In their face-off over accepting political ads leading to the 2020 presidential election, tech icons Mark Zuckerberg and Jack Dorsey took distinctly different political stances and probably altered the landscape for such advertising on media.
The debate comes down to this: Facebook Inc. FB, +1.81% will let politicians run any ads, whether true or not, on its platform because they fall under the dictum of free expression. Twitter Inc. TWTR, +0.37% is spurning all political ads on the premise its fight against disinformation online would be compromised accepting ads with misleading political content.
But advertising and media experts said the fallout could benefit legacy TV networks and mainstream media in pursuit of $10 billion in political ad spending for the 2020 U.S. election, according to advertising media company GroupM. (Kantar Media, by contrast, predicts $6 billion — $3.2 billion on broadcast TV, $1.2 billion on cable TV, $1.2 billion on digital and $400 million on radio.)
“Local TV station managers are rubbing their hands in anticipation of getting ads that Twitter rejects,” Corey Elliott, vice president of local market intelligence at advertising research firm Borrell Associates, told MarketWatch in a phone interview.
At the same time, TV networks — which were never particularly adept at policing truth in political ads, such as the “Swift Boat” campaign against presidential candidate John Kerry in 2004 — momentarily escape scrutiny while the focus is squarely on beleaguered social-media companies like Facebook.
“The internet flat-out isn’t healthy in a lot of ways. One of them is that it can be a system for spreading disinformation,” Mozilla Corp. Chief Marketing Officer Jascha Kaykas-Wolff told MarketWatch in a phone interview. That’s why his browser company and others have stopped advertising on Facebook since it got into hot water through its involvement with political consultancy Cambridge Analytica, he said.
Whether more ad buyers move away from Facebook, which continues to be highly effective in persuading consumers on political and social matters, is another matter, Kaykas-Wolff added.
The views of Facebook and Twitter’s respective chief executives and co-founders were summed up in dueling quotes Wednesday afternoon, starting with Dorsey’s pointed tweet shortly before Facebook announced third-quarter financial results.
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Dorsey said it would be hypocritical for tech companies to say they’re fighting misinformation, “buuut if someone pays us to target and force people to see their political ad… well… they can say whatever they want!” He said such ads had “significant ramifications that today’s democratic infrastructure may not be prepared to handle.”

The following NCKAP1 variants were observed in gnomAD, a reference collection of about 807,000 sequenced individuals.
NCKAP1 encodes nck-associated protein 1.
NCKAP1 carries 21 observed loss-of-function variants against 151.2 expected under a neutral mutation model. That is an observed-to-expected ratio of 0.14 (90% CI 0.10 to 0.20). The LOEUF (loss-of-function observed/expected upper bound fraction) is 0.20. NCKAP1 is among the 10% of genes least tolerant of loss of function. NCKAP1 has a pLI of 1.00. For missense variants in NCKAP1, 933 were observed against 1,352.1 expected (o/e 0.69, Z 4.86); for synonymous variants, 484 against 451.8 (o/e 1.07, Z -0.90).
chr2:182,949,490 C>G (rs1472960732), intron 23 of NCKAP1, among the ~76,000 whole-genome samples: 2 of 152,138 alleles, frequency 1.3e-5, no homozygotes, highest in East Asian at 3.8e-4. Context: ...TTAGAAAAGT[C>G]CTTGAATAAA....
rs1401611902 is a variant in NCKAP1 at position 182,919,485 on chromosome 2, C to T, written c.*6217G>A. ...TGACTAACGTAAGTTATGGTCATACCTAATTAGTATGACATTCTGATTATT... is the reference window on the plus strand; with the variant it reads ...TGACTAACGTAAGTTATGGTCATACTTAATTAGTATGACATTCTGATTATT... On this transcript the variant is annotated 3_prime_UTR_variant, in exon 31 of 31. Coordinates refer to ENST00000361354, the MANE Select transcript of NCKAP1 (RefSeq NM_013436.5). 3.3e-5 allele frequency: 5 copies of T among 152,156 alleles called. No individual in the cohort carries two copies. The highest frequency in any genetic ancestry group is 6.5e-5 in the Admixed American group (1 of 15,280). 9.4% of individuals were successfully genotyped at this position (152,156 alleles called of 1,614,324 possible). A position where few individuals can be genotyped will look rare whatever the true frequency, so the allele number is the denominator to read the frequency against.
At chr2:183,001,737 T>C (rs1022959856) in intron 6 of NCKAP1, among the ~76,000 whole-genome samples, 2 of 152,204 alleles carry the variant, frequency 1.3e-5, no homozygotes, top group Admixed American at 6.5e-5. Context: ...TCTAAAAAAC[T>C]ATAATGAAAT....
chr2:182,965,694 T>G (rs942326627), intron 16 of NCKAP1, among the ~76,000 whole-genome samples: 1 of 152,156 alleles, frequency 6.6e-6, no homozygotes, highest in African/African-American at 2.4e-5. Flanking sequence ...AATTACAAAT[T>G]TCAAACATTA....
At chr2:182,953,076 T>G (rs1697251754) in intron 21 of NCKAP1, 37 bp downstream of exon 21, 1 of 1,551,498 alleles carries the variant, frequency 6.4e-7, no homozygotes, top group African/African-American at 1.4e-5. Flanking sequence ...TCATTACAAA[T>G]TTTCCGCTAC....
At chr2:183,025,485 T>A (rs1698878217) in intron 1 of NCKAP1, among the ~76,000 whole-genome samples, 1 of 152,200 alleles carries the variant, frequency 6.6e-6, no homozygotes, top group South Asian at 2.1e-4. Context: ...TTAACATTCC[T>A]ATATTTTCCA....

A clearly agitated Zuckerberg returned fire within minutes in a conference call with Wall Street analysts : “I get that some people will disagree with our decisions. But I don’t think anyone can say we’re not doing what we believe, or that we haven’t thought hard about these issues.”
To drive home his point, Zuckerberg said he wanted to “focus on talking about principles” and that “from a business perspective, it might be easier for us to choose a different path than one we’re taking.”
The political debate quickly coalesced along party lines. Brad Parscale, President Donald Trump’s campaign manager for 2020, called Twitter’s decision to eliminate political ads “a very dumb decision” for its investors. Presidential candidate Sen. Elizabeth Warren, D-Mass., has called Facebook’s policy a “disinformation-for-profit machine.”
Wall Street analysts, who cheered Facebook’s Q3 results and jeered Twitter’s Q3 numbers, viewed it as a philosophical difference of opinion.
“We view the decision of whether or not to accept political ad revenue as largely speaking to the companies’ respective views on their role in society and their willingness to decide what ads really are political,” Evercore ISI analyst Kevin Rippey said in an Oct. 31 note. “FB has made clear they do not see themselves as having the authority to make such a decision, while Twitter has taken the other side.”
Both companies insist their views are not motivated by money because political ads account for a sliver of their revenue. Facebook on Wednesday said it expects ads from politicians to account for just 0.5% of its 2020 revenue. (With FactSet’s estimate of $85.64 billion in 2020, that’s still a hefty $428 million.) Twitter Chief Financial Officer Ned Segal said political ad spending for the 2018 midterm elections was less than $3 million, or less than 1% of Twitter’s annual revenue of $3 billion.
“Google is really getting a pass on this, and letting Zuckerberg taking the incoming,” Jonathan Handel, an entertainment and technology attorney based in Los Angeles.
Google did not immediately reply to a message seeking comment.
Ultimately, in stirring the political pot, Dorsey achieved a self-serving trifecta of sorts. He diverted attention away from Twitter’s desultory results. He scored PR points banning political ads — though Twitter traffic continues to benefit from running political content on its site, including missives from a certain bombastic head of state. And he shifted pressure on a controversial topic to rival Facebook, a convenient target of both political parties.
“Candidates can still, and will, use Twitter to make political points,” Steve Passwaiter, vice president of Kantar/CMAG, which monitors political advertising, told MarketWatch in a phone interview. “If Dorsey really wanted to stop misinformation, he would take everything off the platform — paid or otherwise.”